My first job beyond babysitting was at 12 years old at a print shop in San Francisco, HJ Carl & Sons, on Capp St. We constructed and deconstructed hug metal print plates of recipes for local restaurants, flyers, and posters every Saturday. Lunch was delivered warm from Jack’s restaurant, and every week we had creamy rich yet light lemony sorrel soup. I have tried to recreate it many a time, and I finally came close to duplicating it.
Sorrel is a weed, as sheep sorrel, growing abundant right now and in perfect harmony with Chinese elemental correspondences, of Spring-Liver-sour flavor. You can find patches where it is big leaved…the Broad St Cemetery is a great place. You may have it growing in your yard! I harvested sorrel from my dear friend Liz’s garden.
Sorrel is high in vitamin C, antioxidants. Its sour flavor astringes fluids, the fluids, yin, water that we store up from the wet moist winters. We store our yin, so that we have enough to keep us from overheating through the spring and summer. Too much sour can dry out the ligaments and tendons, so check your sour cravings.
In western herbalism, bitter is the flavor associated with the Liver. Bitter in Chinese medicine corresponds to the heart. And it is important to keep the heart cool and drained for liver health, but some people cannot tolerate bitter, for it cools and drains too much, when they are in need of nourishing to their Liver.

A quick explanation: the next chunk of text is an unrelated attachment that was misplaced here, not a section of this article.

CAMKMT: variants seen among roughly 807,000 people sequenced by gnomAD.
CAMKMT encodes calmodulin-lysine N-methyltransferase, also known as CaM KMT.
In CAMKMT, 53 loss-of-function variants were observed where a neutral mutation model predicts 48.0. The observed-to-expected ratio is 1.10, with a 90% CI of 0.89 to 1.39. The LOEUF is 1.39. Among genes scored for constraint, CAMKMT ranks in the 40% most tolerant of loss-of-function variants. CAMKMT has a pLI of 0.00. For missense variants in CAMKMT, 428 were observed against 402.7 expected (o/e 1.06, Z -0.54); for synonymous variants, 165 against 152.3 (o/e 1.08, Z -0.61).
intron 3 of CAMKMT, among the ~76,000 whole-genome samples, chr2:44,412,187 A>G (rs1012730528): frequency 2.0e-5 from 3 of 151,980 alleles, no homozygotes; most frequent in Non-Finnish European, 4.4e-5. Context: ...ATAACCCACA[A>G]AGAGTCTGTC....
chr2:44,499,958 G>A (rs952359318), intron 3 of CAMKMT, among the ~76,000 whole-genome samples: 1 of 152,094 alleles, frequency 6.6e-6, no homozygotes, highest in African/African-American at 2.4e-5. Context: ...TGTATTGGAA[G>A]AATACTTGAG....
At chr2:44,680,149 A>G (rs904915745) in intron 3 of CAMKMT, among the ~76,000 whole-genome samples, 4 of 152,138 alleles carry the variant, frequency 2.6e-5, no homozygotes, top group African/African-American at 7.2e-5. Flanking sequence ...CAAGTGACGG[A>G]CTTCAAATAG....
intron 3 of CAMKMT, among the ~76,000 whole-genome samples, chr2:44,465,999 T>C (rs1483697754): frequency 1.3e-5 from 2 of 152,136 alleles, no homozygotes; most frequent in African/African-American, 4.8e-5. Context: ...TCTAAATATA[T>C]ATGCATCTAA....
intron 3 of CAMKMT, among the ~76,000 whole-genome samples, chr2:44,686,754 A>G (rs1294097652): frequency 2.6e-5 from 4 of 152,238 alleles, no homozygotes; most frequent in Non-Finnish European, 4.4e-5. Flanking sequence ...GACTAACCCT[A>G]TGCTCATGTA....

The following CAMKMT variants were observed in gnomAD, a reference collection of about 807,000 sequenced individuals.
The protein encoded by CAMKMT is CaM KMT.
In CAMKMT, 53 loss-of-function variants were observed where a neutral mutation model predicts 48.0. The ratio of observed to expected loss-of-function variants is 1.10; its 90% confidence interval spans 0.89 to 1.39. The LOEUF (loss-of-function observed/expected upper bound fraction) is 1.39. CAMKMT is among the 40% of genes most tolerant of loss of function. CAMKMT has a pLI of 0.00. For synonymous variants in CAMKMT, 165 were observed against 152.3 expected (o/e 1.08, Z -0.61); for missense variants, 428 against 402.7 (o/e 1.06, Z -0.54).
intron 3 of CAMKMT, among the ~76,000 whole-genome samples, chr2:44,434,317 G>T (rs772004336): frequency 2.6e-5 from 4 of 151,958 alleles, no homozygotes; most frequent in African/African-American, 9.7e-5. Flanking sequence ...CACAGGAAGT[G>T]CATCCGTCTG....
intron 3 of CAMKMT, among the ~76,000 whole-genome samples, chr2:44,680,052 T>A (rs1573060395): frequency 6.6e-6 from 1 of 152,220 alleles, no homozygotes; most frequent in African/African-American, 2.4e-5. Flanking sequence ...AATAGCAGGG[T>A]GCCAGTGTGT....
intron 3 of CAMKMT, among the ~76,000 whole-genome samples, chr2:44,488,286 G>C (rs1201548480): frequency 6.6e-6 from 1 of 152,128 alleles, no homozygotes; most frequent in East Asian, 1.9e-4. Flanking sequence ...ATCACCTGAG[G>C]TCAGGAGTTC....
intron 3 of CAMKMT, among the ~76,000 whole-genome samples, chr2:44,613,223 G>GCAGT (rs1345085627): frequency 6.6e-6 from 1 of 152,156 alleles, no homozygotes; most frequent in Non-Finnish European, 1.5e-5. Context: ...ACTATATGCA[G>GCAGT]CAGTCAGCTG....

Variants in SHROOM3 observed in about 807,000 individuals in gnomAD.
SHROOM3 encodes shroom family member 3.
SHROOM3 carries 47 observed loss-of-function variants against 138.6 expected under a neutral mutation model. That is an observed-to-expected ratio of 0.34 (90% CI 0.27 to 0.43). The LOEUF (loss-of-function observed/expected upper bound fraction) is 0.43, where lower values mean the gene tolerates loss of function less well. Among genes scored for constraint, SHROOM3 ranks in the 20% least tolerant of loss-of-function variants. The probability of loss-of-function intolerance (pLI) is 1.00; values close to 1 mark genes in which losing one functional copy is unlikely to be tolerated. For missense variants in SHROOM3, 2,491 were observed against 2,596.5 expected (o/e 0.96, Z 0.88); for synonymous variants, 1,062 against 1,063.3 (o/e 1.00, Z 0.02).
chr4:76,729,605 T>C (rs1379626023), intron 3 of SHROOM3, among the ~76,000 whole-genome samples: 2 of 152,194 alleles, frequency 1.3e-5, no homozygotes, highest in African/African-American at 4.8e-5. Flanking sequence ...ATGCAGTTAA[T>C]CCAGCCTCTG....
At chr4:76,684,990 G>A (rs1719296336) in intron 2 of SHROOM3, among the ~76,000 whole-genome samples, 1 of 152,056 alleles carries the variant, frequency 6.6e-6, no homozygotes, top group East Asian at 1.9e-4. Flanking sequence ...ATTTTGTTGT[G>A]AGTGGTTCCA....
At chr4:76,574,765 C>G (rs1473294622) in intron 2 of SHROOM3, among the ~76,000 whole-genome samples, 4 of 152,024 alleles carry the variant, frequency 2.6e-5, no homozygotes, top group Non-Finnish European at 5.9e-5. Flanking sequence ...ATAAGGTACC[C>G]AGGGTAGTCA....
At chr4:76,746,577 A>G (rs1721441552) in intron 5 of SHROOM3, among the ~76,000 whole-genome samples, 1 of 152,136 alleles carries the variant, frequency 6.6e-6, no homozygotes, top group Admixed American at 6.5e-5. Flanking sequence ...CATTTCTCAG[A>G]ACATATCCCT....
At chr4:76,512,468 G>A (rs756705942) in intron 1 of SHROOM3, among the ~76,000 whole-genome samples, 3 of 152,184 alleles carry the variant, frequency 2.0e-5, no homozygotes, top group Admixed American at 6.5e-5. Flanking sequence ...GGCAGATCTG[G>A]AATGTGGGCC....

There is a buzz of concern about oxalic acids being a health hazard, for they leach calcium from the bones. Oxalic acid is neutralized by lemon juice or a little apple cider vinegar, and it is important to always combine your sorrel, spinach, or chard (other greens containing oxalics) with a fat and protein. This soup is the perfect whole meal, yet light enough to give your digestive system a rest after the richer winter diet.
1/2 yellow onion sauteed in 2 Tbsp butter
Add in 2-3 cups washed chopped sorrel
Sauteed in 3-5Tbsp butter. When they are wilted, add:
5 cups stock, best is chicken I made it with beef. Remove from heat and add a small amount of the soup to:
1/2 c cream and 3 beaten egg yolks. Then combine all ingredients and heat until the soup thickens slightly, but do not boil. I pureed my soup, for that was how I had it at Mr. Carl’s.
Add salt and pepper to taste.
My Lithuanian friend Aruna grew up growing rows and rows of sorrel, and eating sorrel soup all the time in the spring. Her family did not blend it, and they added meatballs sometimes.
I encourage you to explore the wonders of easy to grow and abundant wild foods to support your health and vitality. Our wild greens have a greater mineral value and life force for they thrive and adapt without our care. Bon appetite!